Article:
[SYMPOSIUM] BOOK CLUB
#20 Foucault: Of Other Spaces
Sunday, 15 October 2017, 1:30pm – 4:00pm
Yurt Café, St. Katharine’s Precinct, 2 Butcher Row, London E14 8DS
Nearest Station: Limehouse
Facilitated by Dasha Loyko
Free, booking via Eventbrite
This book club will take place on Unison, a lifeboat-turned-project-space. We will meet at Yurt Café, located next to Limehouse station, between 1:30pm and 2pm and walk to the boat moored nearby.
DOWNLOAD Foucault, Michel (1986). Of Other Spaces, trans. Jay Miskowiec. Diacritics, 16/1 (Spring 1986), pp. 22–27. Originally published as Des Espace Autres (Conférence au Cercle d’études architecturales, 14 March 1967). Architecture, Mouvement, Continuité, No. 5 (October 1984), pp. 46-49.
The definitions of heterotopia given by Foucault contrast it with utopia. Utopia, for him, is an idealized model of society that does not exist in the world. Heterotopia, on the contrary, is a kind of actualised utopia, it is a real space but one that represents, contests and inverts other sites within society. Some of the examples he gives include the reflection in the mirror, the cemetery, the museum, the motel. Foucault views these spaces as microcosms where the usual social and technological rules do not apply, yet they structure and shape our perception of our own urban geography.
The term ‘heterotopia’ was first used by Michel Foucault in the preface to The Order of Things (1966) as a non-place, as something disturbing that has power to subvert language. He later discussed it in a twelve-minute radio broadcast, expanding his definition. To Foucault’s surprise (as he may not have intended a practical application to the idea), he subsequently got asked to repeat the lecture in front of an audience of architects in 1967. The paper we are reading is a transcript of that lecture.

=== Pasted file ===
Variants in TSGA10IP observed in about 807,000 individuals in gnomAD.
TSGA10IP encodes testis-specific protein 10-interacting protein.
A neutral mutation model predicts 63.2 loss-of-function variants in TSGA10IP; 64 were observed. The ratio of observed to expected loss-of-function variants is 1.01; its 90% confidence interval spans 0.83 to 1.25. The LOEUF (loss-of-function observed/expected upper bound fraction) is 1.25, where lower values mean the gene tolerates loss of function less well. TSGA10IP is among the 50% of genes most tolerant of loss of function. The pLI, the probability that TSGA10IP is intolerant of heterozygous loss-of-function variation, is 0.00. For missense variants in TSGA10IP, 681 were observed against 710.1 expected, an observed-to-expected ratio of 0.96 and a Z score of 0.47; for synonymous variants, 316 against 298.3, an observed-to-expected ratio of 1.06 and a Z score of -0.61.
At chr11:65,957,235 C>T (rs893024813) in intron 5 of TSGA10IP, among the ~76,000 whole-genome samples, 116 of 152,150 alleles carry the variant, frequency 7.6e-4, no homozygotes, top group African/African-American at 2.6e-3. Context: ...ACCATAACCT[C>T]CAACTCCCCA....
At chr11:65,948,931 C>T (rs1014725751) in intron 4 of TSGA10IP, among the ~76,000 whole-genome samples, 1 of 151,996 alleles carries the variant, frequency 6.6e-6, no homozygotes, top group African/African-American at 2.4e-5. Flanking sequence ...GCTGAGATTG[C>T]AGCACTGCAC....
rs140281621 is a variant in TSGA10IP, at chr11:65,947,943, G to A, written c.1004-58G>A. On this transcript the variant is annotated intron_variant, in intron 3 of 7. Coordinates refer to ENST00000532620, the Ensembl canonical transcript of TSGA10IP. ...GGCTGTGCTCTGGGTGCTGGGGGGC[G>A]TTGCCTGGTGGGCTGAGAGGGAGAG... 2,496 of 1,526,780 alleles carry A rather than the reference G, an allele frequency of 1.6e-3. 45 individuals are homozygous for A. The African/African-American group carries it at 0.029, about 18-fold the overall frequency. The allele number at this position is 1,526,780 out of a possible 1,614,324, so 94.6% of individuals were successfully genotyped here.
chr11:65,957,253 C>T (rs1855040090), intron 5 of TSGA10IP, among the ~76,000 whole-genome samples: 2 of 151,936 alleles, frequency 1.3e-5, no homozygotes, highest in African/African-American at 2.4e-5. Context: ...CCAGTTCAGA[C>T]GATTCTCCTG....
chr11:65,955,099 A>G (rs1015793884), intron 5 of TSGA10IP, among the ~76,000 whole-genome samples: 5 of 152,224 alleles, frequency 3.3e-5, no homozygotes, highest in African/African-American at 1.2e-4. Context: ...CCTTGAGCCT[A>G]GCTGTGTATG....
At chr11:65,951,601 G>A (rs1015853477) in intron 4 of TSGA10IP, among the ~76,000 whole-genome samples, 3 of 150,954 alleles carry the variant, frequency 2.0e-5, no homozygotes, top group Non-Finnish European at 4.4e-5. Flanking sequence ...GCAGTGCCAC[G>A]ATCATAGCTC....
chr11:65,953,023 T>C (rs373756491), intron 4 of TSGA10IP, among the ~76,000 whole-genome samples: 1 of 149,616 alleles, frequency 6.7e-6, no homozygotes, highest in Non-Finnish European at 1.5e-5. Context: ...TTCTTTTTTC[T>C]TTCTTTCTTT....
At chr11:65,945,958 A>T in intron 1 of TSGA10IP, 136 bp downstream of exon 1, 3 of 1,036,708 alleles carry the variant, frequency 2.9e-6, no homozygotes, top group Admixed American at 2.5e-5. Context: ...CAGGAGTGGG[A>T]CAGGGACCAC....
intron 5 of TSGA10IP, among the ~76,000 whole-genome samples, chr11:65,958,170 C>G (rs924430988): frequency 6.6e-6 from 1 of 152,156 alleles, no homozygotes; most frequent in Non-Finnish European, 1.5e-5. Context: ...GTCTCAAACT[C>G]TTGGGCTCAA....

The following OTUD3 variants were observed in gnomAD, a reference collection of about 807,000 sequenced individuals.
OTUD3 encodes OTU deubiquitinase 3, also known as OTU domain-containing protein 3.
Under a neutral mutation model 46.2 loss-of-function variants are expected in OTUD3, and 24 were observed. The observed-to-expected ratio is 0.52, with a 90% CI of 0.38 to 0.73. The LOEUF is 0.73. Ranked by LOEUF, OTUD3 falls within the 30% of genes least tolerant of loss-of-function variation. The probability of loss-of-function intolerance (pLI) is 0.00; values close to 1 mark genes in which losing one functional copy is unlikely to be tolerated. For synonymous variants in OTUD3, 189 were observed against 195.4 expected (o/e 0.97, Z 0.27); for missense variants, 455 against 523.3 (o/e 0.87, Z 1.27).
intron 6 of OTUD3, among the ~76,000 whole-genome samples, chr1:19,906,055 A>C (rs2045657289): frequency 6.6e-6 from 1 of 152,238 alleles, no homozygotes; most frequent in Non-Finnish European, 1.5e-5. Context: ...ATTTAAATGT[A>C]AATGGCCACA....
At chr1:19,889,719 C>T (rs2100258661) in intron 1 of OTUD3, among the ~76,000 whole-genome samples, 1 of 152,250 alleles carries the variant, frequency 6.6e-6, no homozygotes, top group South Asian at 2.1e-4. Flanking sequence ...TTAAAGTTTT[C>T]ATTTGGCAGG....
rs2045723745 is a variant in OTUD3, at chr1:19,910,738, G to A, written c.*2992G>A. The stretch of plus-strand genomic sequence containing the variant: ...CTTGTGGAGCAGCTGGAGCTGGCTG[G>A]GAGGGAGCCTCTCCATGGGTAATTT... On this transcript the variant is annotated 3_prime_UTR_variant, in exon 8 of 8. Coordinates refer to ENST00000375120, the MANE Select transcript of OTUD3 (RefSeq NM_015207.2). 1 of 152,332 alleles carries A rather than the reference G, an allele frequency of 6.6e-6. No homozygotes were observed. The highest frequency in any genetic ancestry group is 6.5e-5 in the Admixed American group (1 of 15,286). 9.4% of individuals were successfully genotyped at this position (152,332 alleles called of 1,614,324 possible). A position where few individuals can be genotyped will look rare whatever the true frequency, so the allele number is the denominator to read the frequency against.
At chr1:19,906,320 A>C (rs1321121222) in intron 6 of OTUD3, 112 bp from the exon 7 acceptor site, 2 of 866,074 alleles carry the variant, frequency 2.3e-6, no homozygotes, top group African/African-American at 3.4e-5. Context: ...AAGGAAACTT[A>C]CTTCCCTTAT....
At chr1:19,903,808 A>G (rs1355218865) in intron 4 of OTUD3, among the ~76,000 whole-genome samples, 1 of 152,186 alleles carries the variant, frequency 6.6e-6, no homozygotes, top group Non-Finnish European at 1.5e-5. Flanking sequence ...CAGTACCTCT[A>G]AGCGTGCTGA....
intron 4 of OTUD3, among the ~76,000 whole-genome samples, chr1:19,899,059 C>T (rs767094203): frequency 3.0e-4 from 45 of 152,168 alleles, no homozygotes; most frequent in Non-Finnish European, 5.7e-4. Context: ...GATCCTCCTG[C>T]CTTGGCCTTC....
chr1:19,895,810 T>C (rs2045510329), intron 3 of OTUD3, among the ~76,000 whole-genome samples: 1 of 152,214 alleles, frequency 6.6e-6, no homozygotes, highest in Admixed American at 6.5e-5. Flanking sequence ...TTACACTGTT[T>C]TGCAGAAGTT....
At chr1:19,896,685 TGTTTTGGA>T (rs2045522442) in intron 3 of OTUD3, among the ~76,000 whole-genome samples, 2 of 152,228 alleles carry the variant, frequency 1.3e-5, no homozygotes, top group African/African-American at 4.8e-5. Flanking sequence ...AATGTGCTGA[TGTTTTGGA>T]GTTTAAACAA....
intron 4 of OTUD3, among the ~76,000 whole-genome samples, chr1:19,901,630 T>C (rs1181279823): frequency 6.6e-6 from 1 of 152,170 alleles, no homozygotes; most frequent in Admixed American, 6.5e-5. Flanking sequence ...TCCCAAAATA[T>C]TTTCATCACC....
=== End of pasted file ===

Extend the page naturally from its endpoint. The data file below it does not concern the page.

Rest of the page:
Within the text, Foucault makes an important reference to Gaston Bachelard, whose 1958 book ‘Poetics of Space’ provides key context for the idea of heterotopia. In the book, Bachelard elaborated his ideas of applying phenomenology to architectural spaces, or, in other words, urged architects to develop buildings based on the lived experienced within enclosed or domestic spaces, on the emotional response to them, rather than on purely utilitarian or theoretical grounds.
Heterotopia remains a concept that Foucault never fully elaborated, yet it has, since the 60’s up to the present day, been appropriated, interpreted and re-interpreted by architects, theorists of the public space and artists alike.
The final passage of the paper concludes that ‘the ship is the heterotopia par excellence. In civilisations without boats, dreams dry up, espionage takes place of adventure, and the police take the place of pirates’. This book club will take place on a former lifeboat that now functions as a project space. It was founded by Anastasia Freygang ‘to create a shifting pocket of enquiries’.
Moored at Limehouse, we will discuss some of the following questions and talk about the significance of the idea of heterotopia in relation to public spaces, institutions and our own lived experience.
- why does Foucault call our (or his) time an ‘epoch of simultaneity’, and an epoch of space rather than time?
- what is emplacement?
- what would it mean for space to be ‘entirely desanctified’? (p.2)
- how is a mirror both a utopia and a heterotopia?
- what is the relationship between utopia and heterotopia?
- how can the concept of heterotopia be related to the notion of public space?
- does the idea of heterotopia survive in the age of augmented and virtual reality and the internet?
Dasha Loyko is an artist.
Suggested further reading
Johnson, Peter (2006). Unravelling Foucault’s ‘different spaces’ in History of the Human Sciences 19:4, pp. 75-90. SAGE Publications.
Foucault, Michel (1994). The Order of Things (Preface). New York; Vintage Books.
Bachelard, Gaston (2014). Poetics of Space. New York; Penguin Books.
Sorkin, Michael (1992). Variations on a Theme Park: The New American City and the End of Public Space. Hill and Wang.
Borges, Jorge Luis (2000). The library of Babel. in Fictions. Penguin.
Borges, Jorge Luis (2000). The Garden of Forking Paths. in Fictions. Penguin.